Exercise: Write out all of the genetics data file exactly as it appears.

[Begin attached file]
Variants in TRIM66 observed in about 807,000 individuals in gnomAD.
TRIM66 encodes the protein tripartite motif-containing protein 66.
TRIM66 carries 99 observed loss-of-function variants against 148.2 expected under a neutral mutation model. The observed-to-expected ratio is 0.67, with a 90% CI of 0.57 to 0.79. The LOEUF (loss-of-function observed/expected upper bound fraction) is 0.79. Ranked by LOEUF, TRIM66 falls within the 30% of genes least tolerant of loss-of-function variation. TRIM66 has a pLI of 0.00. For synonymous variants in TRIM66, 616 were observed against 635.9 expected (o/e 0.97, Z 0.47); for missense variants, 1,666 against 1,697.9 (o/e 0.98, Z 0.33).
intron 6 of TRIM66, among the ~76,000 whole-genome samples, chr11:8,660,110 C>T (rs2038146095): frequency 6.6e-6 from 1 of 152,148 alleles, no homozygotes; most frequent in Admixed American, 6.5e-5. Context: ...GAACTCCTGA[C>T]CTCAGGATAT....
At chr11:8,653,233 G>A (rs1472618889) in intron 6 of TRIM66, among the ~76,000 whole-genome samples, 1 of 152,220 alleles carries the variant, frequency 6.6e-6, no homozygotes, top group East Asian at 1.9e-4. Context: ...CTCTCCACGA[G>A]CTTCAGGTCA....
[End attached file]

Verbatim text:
Variants in TRIM66 observed in about 807,000 individuals in gnomAD.
TRIM66 encodes the protein tripartite motif-containing protein 66.
TRIM66 carries 99 observed loss-of-function variants against 148.2 expected under a neutral mutation model. The observed-to-expected ratio is 0.67, with a 90% CI of 0.57 to 0.79. The LOEUF (loss-of-function observed/expected upper bound fraction) is 0.79. Ranked by LOEUF, TRIM66 falls within the 30% of genes least tolerant of loss-of-function variation. TRIM66 has a pLI of 0.00. For synonymous variants in TRIM66, 616 were observed against 635.9 expected (o/e 0.97, Z 0.47); for missense variants, 1,666 against 1,697.9 (o/e 0.98, Z 0.33).
intron 6 of TRIM66, among the ~76,000 whole-genome samples, chr11:8,660,110 C>T (rs2038146095): frequency 6.6e-6 from 1 of 152,148 alleles, no homozygotes; most frequent in Admixed American, 6.5e-5. Context: ...GAACTCCTGA[C>T]CTCAGGATAT....
At chr11:8,653,233 G>A (rs1472618889) in intron 6 of TRIM66, among the ~76,000 whole-genome samples, 1 of 152,220 alleles carries the variant, frequency 6.6e-6, no homozygotes, top group East Asian at 1.9e-4. Context: ...CTCTCCACGA[G>A]CTTCAGGTCA....